When I first heard about the making of ‘The Lion King: The Gift’, I was just excited without even knowing which artists from Africa would be on the album.
The album is a curated soundtrack produced by Beyoncé in addition to the original soundtrack for the just released 2019 Walt Disney Pictures film, ‘The Lion King’. It features new songs performed by multiple artists including African stars Tekno, Yemi Alade, Mr Eazi, Shatta Wale, Burna Boy, Salatiel, Tiwa Savage, Busiswa, and Moonchild Sanelly.
Whereas this is not the first time that a major American star has collaborated with African musicians, this is perhaps the biggest single effort; and from no less a person than Beyoncé the ‘Queen Bey’!
Afrobeats music, largely fronted by Nigerian artists, has been rising fast in the last decade. The phenomenon took off first in the United Kingdom, where the African community is more together and in touch with its cultural heritage than in the United States. Perhaps because of existing opportunities in the UK to seamlessly link the African diaspora to what goes on in the continent of Africa. We have seen this even in Hollywood; where often the actors with African roots in America get there via their connections with Britain.
When BET Awards started to recognize international acts from the UK/Europe and Africa, many of us campaigned for more. We argued for this category to be a part of the main award ceremony so that American audiences would watch and recognize our artists. Thankfully in the last two years, we have seen that happen.
However, we cannot attribute such successes purely to our advocacies; a lot of our African artists have been working hard to justify our inclusion. Many have gone out of their way to collaborate with American stars on their personal projects. I remember when Dbanj, through some association to Kanye West’s Good Music, released his smash hit ‘Oliver Twist’ it peaked at number nine on the UK Singles Chart! That was sign that we could make it, with the right mindset and connections!
Things started to look even better for African music, when global stars started to feature us on their singles, perhaps as a result of big American global music corporations like Sony Music and Universal Music signing some of our African acts.
We saw Drake feature Wizkid on Billboard topping and award-winning song, ‘One Dance’ which opened a new window of opportunities for African music to shine. Wizkid has since had major collaborations with the likes of Chris Brown, Drake, Ty Dolla Sign, Major Lazer, Trey Songz and many others.
Davido’s ‘hit song, Fall’ also caught fire around the world, setting some records on global charts. The single has been reported as the most ‘Shamazed’ Non-American song in the US (basically this means that a lot of people heard it playing somewhere and they used ‘Shazam’ to check the details because the were ‘Amazed’ by it). In 2019, ‘Fall’ made it on the Billboard Top 100 R&B/Hip-Hop charts as well as the US Top 40 Urban Radio songs.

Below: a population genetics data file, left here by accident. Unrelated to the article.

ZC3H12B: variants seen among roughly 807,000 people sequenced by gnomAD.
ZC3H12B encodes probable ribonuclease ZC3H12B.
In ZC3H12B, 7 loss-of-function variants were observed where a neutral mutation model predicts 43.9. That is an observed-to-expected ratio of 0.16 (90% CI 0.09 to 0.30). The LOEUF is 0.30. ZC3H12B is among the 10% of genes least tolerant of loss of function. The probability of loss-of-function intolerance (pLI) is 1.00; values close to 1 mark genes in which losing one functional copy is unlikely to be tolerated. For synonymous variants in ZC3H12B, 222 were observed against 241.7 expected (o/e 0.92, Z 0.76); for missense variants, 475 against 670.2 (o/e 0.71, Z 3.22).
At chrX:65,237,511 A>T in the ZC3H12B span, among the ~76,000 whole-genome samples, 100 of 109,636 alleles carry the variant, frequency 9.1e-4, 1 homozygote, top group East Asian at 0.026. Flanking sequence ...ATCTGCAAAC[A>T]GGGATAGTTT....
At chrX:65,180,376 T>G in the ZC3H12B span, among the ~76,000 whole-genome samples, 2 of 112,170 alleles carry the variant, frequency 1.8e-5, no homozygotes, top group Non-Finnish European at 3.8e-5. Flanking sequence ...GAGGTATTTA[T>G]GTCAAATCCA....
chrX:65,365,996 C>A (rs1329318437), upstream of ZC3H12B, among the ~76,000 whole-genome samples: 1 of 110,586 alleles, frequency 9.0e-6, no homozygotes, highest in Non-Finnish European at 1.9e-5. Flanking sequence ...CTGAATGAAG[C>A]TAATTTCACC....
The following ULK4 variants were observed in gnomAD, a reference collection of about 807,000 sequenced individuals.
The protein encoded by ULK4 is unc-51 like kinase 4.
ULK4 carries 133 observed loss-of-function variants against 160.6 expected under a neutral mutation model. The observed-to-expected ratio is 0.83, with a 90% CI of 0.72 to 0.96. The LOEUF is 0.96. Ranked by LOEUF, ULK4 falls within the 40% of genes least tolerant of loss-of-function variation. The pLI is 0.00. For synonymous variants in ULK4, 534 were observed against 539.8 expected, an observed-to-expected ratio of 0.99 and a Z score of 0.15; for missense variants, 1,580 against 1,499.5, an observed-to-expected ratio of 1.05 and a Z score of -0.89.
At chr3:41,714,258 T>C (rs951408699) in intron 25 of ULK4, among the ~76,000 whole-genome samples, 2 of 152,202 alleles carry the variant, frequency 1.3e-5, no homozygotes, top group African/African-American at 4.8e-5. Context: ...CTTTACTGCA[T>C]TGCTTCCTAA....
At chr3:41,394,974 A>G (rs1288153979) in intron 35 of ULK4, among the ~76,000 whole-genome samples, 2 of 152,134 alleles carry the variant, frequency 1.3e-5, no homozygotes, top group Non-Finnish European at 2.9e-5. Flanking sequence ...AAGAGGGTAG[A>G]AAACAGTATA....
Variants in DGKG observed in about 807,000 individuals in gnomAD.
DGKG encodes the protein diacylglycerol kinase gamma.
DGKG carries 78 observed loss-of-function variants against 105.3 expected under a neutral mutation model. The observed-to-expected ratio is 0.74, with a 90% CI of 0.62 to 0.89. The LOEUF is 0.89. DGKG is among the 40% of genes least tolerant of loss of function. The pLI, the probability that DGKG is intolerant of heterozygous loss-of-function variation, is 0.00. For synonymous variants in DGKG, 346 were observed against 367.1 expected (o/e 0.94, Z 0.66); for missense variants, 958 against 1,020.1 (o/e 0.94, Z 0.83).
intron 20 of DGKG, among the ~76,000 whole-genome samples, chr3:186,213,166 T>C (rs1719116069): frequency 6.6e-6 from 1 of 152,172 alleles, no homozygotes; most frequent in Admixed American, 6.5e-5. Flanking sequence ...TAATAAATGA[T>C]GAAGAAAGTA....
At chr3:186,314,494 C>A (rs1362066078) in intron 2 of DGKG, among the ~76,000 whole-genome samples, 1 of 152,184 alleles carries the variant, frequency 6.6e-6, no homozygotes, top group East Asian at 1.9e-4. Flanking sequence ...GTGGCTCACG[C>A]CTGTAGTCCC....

In 2017, Ed Sheeran took a bold step to collaborate with Fuse ODG and Ghanaian producer, Killbeat on a number of songs including ‘Bibia Be Ye Ye’ off his Grammy-winning album, ‘Divide’. In fact, Ed Sheeran even sang in Twi.
Perhaps, all of these helped to create the needed global awareness for African music, which led to Beyoncé’s ‘The Lion King: The Gift’. I remember watching Beyoncé performing in South Africa last December and asking my colleagues at the Global Citizen Festival, “what if Beyoncé did songs with the African stars on the bill”, which included Wizkid, Tiwa Savage, Cassper Nyovest, D’banj, Femi Kuti, and Sho Madjozi.
Well, Queen Bey must have heard my wishful thinking and decided to do ‘The Lion King: The Gift’. Talking about the album and the reason for the African inclusion Beyoncé has explained:
“This is a new experience of storytelling. I wanted to do more than find a collection of songs that were inspired by the film. It is a mixture of genres and collaboration that isn’t one sound. It is influenced by everything from R&B, pop, hip-hop and Afro Beat.”
“I wanted to put everyone on their own journey to link the storyline. Each song was written to reflect the film’s storytelling that gives the listeners a chance to imagine their own imagery, while listening to a new contemporary interpretation. It was important that the music was not only performed by the most interesting and talented artists but also produced by the best African producers. Authenticity and heart were important to me.”
“The soundtrack is a love letter to Africa and I wanted to make sure we found the best talent from Africa, not just use some of the sounds and did my own interpretation of it. I wanted it to be authentic to what is beautiful about the music in Africa.”
Well Beyoncé, you did just that and lovers of African music are happy you did. My personal favourite so far is ‘Brown Skin Girl’. Some criticshave already rated the song, which features New York-based Guyanese rapper SAINt JHN, and Wizkid as the standout track. It is a joyous celebration of melanin, braids and ‘pretty dark skin’ with references to the likes of Naomi Campbell, Lupita Nyong’o and Kelly Rowland. It also features Beyoncé’s daughter Blue Ivy, adorably singing along to its message of pure black girl magic.